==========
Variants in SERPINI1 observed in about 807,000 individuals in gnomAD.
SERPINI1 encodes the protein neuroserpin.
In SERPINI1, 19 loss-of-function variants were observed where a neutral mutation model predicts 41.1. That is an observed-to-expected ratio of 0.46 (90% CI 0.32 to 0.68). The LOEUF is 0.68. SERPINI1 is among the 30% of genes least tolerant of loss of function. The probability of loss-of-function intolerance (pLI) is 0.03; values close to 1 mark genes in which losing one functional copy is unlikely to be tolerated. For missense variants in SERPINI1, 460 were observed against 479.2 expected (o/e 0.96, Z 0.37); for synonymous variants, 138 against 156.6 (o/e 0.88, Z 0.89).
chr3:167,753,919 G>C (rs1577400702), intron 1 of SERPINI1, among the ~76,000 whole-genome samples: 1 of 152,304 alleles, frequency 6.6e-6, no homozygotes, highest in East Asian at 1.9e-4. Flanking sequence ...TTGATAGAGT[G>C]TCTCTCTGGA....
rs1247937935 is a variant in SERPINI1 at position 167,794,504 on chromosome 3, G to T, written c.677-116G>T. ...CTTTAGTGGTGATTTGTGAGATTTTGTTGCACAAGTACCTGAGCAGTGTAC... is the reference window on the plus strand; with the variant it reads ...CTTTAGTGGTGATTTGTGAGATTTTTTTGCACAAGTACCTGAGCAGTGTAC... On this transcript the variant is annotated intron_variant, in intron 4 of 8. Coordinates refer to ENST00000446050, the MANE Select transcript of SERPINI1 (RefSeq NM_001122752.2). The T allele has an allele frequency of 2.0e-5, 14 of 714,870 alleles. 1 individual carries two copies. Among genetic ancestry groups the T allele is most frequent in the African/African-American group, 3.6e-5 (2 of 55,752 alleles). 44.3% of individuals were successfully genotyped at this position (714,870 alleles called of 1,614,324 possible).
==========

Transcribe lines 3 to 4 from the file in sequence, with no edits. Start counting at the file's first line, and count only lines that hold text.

In SERPINI1, 19 loss-of-function variants were observed where a neutral mutation model predicts 41.1. That is an observed-to-expected ratio of 0.46 (90% CI 0.32 to 0.68). The LOEUF is 0.68. SERPINI1 is among the 30% of genes least tolerant of loss of function. The probability of loss-of-function intolerance (pLI) is 0.03; values close to 1 mark genes in which losing one functional copy is unlikely to be tolerated. For missense variants in SERPINI1, 460 were observed against 479.2 expected (o/e 0.96, Z 0.37); for synonymous variants, 138 against 156.6 (o/e 0.88, Z 0.89).
chr3:167,753,919 G>C (rs1577400702), intron 1 of SERPINI1, among the ~76,000 whole-genome samples: 1 of 152,304 alleles, frequency 6.6e-6, no homozygotes, highest in East Asian at 1.9e-4. Flanking sequence ...TTGATAGAGT[G>C]TCTCTCTGGA....